Hood River Airport

County adopts Ken Jernstedt Airfield Airport Master Plan

Safety for both ground vehicles and aircraft should improve around the Port of Hood River's Ken Jernstedt Airfield, thanks to Hood River County Board of Commissioners action in mid-May adopting the airport's master plan.

But some serious work must first occur, including the public process of vacating a section of Orchard Road east of the airfield.

The County Commission May 18, 2009, approved adoption of the Ken Jernstedt Airfield Airport Master Plan. A key component of the planning document is shifting the existing 3,040-foot runway 550 feet to the east, a move that will require abandoning Orchard Road where it currently abuts the airport's eastern side.

This runway shift, however, will move the landing strip farther from a busy arterial, State Highway 281/Tucker Road, the major road south of Hood River that sees heavy motorist use. While the airport's runway will not be any longer, it will see a significant move to the east, allowing westbound aircraft to gain more height before flying over the state highway. By vacating Orchard Road on the east side, the potential for accidents involving plans and ground vehicles is diminished.

Before its unanimous vote adopting the master plan, County Commissioners noted that airport neighbors were among the loudest voices they heard during the May public hearing. And, most of the testifying residents said they favored safety over the convenience of a shorter route into Hood River.

Bud Pepitone, whose home is located next to the southern and farthest end of the potential road vacation, told County Commissioners he'd rather have a longer drive to Hood River instead of the present situation that includes speeding cars. "That whole section becomes the Grand Prix on Saturday night," he said, adding road abandonment means about a three-minute longer drive to town.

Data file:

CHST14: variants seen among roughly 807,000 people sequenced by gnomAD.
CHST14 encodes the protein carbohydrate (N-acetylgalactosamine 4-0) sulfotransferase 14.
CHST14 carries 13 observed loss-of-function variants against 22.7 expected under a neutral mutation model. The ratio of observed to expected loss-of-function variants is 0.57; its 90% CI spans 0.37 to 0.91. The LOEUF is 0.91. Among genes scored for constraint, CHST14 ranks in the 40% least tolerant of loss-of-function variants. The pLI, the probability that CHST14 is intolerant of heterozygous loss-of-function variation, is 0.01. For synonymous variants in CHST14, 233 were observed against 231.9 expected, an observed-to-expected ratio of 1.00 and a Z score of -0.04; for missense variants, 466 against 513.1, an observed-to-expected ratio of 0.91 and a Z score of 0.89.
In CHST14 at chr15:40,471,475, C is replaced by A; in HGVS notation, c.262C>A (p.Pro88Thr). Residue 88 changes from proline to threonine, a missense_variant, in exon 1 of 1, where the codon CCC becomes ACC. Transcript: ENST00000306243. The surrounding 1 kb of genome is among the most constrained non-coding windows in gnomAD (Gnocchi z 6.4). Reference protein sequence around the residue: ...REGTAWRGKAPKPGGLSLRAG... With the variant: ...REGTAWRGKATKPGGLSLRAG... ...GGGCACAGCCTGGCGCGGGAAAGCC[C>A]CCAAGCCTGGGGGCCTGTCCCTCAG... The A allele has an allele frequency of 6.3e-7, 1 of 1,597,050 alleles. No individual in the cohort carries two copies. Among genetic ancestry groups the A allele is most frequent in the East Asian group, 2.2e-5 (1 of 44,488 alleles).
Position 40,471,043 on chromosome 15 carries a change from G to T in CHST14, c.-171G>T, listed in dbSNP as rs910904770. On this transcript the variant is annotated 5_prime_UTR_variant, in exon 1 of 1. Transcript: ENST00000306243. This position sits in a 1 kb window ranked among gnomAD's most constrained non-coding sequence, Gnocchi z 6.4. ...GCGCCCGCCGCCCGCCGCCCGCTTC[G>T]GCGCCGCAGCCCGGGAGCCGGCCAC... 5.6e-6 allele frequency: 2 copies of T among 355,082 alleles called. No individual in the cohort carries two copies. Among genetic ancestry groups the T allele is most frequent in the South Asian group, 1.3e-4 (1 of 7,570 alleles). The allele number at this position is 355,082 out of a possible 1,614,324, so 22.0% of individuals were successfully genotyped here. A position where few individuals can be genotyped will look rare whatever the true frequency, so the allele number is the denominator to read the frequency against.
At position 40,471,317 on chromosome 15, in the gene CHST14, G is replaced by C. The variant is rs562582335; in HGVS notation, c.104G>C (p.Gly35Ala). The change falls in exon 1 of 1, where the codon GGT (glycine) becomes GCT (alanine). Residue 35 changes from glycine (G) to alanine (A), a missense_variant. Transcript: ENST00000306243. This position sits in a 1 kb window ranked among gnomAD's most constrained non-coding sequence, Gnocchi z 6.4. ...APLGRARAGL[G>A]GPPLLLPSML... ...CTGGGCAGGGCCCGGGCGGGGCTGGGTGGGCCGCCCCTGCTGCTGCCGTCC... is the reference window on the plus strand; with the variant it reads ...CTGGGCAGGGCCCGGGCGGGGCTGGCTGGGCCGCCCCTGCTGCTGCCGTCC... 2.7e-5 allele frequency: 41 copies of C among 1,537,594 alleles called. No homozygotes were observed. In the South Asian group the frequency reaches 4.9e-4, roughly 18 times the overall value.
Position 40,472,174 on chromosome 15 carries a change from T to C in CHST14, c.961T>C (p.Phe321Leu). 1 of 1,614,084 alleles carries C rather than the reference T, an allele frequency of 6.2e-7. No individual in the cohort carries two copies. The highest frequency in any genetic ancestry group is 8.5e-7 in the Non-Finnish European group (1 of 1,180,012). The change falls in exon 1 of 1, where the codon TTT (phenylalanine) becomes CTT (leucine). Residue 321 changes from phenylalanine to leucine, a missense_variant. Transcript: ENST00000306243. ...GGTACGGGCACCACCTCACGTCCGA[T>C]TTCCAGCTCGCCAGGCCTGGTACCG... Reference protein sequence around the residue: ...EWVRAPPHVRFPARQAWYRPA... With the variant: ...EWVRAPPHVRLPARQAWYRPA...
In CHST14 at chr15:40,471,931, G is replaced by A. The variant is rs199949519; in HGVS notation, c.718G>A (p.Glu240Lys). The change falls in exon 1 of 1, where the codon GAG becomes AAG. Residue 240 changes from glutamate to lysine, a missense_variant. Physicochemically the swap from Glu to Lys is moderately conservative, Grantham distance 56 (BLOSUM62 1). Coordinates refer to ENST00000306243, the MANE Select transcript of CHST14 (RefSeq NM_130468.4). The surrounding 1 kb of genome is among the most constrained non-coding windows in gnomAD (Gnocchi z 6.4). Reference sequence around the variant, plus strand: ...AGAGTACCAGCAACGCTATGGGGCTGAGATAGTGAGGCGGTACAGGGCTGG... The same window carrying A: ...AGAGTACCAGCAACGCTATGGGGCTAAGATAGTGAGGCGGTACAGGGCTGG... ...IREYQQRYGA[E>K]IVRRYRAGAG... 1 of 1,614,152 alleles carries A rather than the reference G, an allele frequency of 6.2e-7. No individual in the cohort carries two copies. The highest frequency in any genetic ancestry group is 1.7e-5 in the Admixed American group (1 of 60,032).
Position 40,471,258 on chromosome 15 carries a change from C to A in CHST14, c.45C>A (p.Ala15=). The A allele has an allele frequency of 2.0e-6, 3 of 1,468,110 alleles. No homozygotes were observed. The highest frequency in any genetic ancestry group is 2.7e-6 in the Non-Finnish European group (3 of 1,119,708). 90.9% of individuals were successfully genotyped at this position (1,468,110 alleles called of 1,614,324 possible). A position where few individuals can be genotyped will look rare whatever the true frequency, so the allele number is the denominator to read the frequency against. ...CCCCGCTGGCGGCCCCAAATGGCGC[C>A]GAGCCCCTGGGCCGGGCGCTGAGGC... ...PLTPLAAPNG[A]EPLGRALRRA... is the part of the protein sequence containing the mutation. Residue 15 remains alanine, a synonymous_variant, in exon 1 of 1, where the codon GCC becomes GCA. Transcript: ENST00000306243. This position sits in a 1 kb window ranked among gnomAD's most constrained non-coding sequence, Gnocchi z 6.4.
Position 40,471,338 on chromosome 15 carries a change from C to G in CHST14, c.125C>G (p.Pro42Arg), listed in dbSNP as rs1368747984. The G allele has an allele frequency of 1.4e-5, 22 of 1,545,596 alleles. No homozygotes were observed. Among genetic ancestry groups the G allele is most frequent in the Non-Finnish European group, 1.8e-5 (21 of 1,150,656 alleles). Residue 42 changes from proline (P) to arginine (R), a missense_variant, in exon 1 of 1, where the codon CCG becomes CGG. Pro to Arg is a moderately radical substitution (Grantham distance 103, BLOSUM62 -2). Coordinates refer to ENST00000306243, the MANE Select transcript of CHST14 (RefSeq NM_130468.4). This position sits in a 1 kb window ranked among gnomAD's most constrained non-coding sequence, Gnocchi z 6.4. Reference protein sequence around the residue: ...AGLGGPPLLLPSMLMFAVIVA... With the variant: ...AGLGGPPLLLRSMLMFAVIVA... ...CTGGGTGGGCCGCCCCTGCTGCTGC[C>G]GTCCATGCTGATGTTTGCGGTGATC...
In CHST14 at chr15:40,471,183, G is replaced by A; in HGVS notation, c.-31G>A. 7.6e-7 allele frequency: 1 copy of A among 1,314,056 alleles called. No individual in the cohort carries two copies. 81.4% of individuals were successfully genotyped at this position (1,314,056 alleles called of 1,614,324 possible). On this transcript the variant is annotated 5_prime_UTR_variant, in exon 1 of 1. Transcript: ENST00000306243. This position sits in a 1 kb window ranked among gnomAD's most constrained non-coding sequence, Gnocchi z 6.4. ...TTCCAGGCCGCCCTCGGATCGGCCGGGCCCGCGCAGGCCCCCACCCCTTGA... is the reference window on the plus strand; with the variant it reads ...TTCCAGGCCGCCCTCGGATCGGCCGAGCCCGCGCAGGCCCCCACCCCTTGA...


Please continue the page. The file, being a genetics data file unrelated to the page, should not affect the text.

County Chair Ron Rivers noted there was little public opposition to the master plan and its roadway vacation component. "I thought Orchard Road would be the Achilles Heel but it doesn't seem that way at all. And I'm quite pleased," Rivers said before the County Commission's unanimous vote in favor of master plan adoption.

The primary obstacle identified during the public hearing was the loss of bicycle access where the planned Orchard Road vacation will occur. The Port agreed to work with local groups, including the Hood River Valley Residents Committee, to develop alternative routes. One possibility may be widening the shoulders along Tucker Road west of the airfield, which need to be rebuilt as a result of the Windmaster sewer project currently being constructed there.

While the county has approved the master plan, actual road vacation is a separate and public step. The Port will work with the Federal Aviation Administration to develop a funding package for the runway shift and corresponding closure of about 100 feet of Orchard Road. That work should be completed later this fall. Once funding has been identified, the Port will work with the county to vacate the road section, and that process will include at least one public hearing before the County Commission. The Port owns property east of Orchard Road where the relocated runway will be sited.

In addition to moving the runway 550 feet to the east, the master plan also calls for rebuilding the present taxiway and moving it 35 feet farther north, and establishing airport services like fueling on the north side of the airfield.

Before arriving at the County Commission, the airport master plan was reviewed by the Hood River County Planning Commission in two public hearings dating back to last October. Following direction from that panel and county planning staff, the Port modified the master plan to erase unintended land use consequences. The primary change was removing all of the plan's references to an instrument approach, which was deemed impractical for the hilly Hood River Valley but would have created zoning and building requirements nearly two miles away from the airport. Instead, the master plan's current visual approach was maintained, essentially leaving unchanged land use requirements surrounding the airfield.

County adoption of the airport master plan was identified as a top priority by the citizen-based Airport Advisory Committee, which works on airport issues with the Port. May's County Commission action marked the first time that board adopted an airport master plan. The county transferred the airport to the Port in 1976.

- Summer 2009 Port of Hood River Newsletter

Ken Jernstedt Airfield Airport Master Plan


Airport Layout Plan

Existing FAR Part 77 Airspace Plan

Future FAR Part 77 Airspace Plan

Runway Protection Zone and Inner Approach Plan and Profile

Airport Land Use Plan with 2022 Noise Contours